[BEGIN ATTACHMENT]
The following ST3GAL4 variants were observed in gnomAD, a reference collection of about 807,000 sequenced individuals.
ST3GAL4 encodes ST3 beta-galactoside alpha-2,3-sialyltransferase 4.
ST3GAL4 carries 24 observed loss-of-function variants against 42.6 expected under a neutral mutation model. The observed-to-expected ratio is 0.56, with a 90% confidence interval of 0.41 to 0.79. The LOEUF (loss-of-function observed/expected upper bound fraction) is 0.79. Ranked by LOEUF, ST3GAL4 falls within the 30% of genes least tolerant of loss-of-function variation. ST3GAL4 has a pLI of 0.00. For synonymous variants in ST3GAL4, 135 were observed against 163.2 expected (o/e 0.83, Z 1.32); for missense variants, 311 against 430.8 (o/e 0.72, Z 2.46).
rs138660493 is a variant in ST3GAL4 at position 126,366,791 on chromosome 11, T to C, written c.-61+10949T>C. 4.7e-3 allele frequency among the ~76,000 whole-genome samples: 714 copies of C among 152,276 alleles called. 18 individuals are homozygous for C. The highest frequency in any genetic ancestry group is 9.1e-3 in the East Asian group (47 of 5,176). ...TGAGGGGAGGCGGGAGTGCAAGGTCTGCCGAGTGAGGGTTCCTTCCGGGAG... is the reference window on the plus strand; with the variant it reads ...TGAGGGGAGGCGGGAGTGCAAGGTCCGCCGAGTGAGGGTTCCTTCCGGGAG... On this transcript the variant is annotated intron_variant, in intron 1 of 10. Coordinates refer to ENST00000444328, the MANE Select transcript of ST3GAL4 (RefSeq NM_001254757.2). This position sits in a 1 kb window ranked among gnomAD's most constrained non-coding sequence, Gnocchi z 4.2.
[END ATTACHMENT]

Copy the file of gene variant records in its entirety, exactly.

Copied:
The following ST3GAL4 variants were observed in gnomAD, a reference collection of about 807,000 sequenced individuals.
ST3GAL4 encodes ST3 beta-galactoside alpha-2,3-sialyltransferase 4.
ST3GAL4 carries 24 observed loss-of-function variants against 42.6 expected under a neutral mutation model. The observed-to-expected ratio is 0.56, with a 90% confidence interval of 0.41 to 0.79. The LOEUF (loss-of-function observed/expected upper bound fraction) is 0.79. Ranked by LOEUF, ST3GAL4 falls within the 30% of genes least tolerant of loss-of-function variation. ST3GAL4 has a pLI of 0.00. For synonymous variants in ST3GAL4, 135 were observed against 163.2 expected (o/e 0.83, Z 1.32); for missense variants, 311 against 430.8 (o/e 0.72, Z 2.46).
rs138660493 is a variant in ST3GAL4 at position 126,366,791 on chromosome 11, T to C, written c.-61+10949T>C. 4.7e-3 allele frequency among the ~76,000 whole-genome samples: 714 copies of C among 152,276 alleles called. 18 individuals are homozygous for C. The highest frequency in any genetic ancestry group is 9.1e-3 in the East Asian group (47 of 5,176). ...TGAGGGGAGGCGGGAGTGCAAGGTCTGCCGAGTGAGGGTTCCTTCCGGGAG... is the reference window on the plus strand; with the variant it reads ...TGAGGGGAGGCGGGAGTGCAAGGTCCGCCGAGTGAGGGTTCCTTCCGGGAG... On this transcript the variant is annotated intron_variant, in intron 1 of 10. Coordinates refer to ENST00000444328, the MANE Select transcript of ST3GAL4 (RefSeq NM_001254757.2). This position sits in a 1 kb window ranked among gnomAD's most constrained non-coding sequence, Gnocchi z 4.2.